We saw it coming.
Increasing crime rate is not an encouraging sign of development. This year saw the national crime rate shoot up by worrying 95 percent – 4081 crimes were reported against the previous year’s record of 2,093.
With high youth unemployment in the country, bigger population centres are witnessing rise in urban unemployment. For instance, Thimphu saw crime rate rise by about 161 percent, an increase from 921 in 2016 to 2,409 in 2017. Forty-one percent of reported crime in 2017 happened in Thimphu.
Of close to 1,900 offences reported last year, offence against property constituted the most. Larceny, robbery, armed robbery and related offences accounted for More than 1,379 cases; 555 people were arrested in connection with narcotic drugs, psychotropic substances and substance abuse, a rise of about 75 percent from the previous year. Close to 500 young people were arrested in connection with drugs, alcohol and other crimes.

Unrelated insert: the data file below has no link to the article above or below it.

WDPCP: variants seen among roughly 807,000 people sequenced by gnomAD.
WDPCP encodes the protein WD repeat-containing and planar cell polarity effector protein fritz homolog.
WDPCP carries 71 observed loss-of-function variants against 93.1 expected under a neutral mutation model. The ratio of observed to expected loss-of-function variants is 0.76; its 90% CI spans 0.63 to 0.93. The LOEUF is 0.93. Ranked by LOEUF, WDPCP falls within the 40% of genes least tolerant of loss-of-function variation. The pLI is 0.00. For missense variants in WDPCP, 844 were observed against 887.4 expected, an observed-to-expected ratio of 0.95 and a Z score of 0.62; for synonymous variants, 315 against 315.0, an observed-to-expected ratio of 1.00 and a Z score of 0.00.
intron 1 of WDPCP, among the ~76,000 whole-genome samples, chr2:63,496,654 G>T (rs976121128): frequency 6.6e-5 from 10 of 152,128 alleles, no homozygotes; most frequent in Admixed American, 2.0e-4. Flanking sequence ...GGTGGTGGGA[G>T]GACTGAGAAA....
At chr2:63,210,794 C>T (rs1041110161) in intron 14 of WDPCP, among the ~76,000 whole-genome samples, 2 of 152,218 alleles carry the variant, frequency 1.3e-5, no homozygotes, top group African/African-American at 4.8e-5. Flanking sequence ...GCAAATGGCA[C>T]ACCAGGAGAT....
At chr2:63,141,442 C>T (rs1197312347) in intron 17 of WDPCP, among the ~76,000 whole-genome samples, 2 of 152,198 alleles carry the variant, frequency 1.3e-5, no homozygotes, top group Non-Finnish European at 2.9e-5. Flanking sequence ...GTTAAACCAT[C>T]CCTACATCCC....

According to the new population and housing census, youth unemployment has come down to 10.6 percent from 13.2 percent, but in the period of more than ten years, the percentage of youth unemployment has in fact remained the same more or less.
Increasing rural to urban migration, which presently is at 21.7 percent, is making the unemployment situation worse. There is a need to look at rural Bhutan for job creation. And that will require making agriculture viable and attractive to the young people.
As we dawdle with interventions to address growing youth unemployment, urban unemployment and poverty is fast becoming the greatest spectre facing the nation. Consequences could be far-reaching and dangerous. Tackling this problem soon enough, therefore, is critically important.
We can ill afford to not take a blind bit of notice. Any kind of foot-dragging cannot be entertained because we have already squandered enough time and opportunity.